The Syrian military has extended a nationwide ceasefire which expired on Friday for another 72 hours, state media reported.
In a statement, the Syrian military command declared the extension of the temporary ceasefire — which it described as "a regime of calm" — effective from 1 am local time on Saturday.
The previous 72-hour truce — which was agreed on by rebel alliance the Free Syrian Army but not by other factions including Jabhat al Nusra, the local offshoot of al Qaeda, and the Islamic State — ran until midnight on Friday. Although it led to no noticeable decrease in violence, it was significant because it was the first attempt at a nationwide ceasefire since foreign powers tried to broker peace talks back in February to end the bloody five-year long civil war.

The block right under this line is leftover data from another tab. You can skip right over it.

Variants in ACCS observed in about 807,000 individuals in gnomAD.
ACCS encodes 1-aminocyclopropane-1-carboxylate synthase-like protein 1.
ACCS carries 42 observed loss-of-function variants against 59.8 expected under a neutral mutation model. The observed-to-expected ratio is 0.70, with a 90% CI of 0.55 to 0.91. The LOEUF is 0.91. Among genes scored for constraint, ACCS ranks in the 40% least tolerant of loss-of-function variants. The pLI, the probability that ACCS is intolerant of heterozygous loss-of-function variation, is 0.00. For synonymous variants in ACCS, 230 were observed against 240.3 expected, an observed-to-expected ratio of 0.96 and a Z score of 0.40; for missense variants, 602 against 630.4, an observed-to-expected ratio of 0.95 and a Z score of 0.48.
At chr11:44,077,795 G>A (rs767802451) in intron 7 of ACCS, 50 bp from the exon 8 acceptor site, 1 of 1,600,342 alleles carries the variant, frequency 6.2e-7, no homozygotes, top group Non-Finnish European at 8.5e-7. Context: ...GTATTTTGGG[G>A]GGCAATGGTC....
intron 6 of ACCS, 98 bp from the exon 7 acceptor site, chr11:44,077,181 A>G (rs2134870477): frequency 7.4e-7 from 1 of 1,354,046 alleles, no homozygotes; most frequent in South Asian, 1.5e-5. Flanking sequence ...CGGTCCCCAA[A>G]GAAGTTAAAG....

The Syrian army and the Russian military, which also backs president Bashar al Assad, have periodically announced a number of temporary localized truces in areas of intense fighting. But violence and airstrikes have often continued regardless of those declarations.
During this week's truce, Syrian government forces advanced towards the Castello Road, the only route leading to the side of Aleppo which is under occupation by rebel forces. Their advances brought the strategically important road — Aleppo is the largest city in Syria and its commercial center — within closer firing range and trapped between 250,000 and 300,000 people in the process. They also seized territory from rebels east of Damascus.
In that same 72-hour period, dozens were killed and injured by rebel shelling in the government-held parts of Aleppo and air strikes on a holiday spot in Idlib province. 50 people were killed on the previous ceasefire's last day.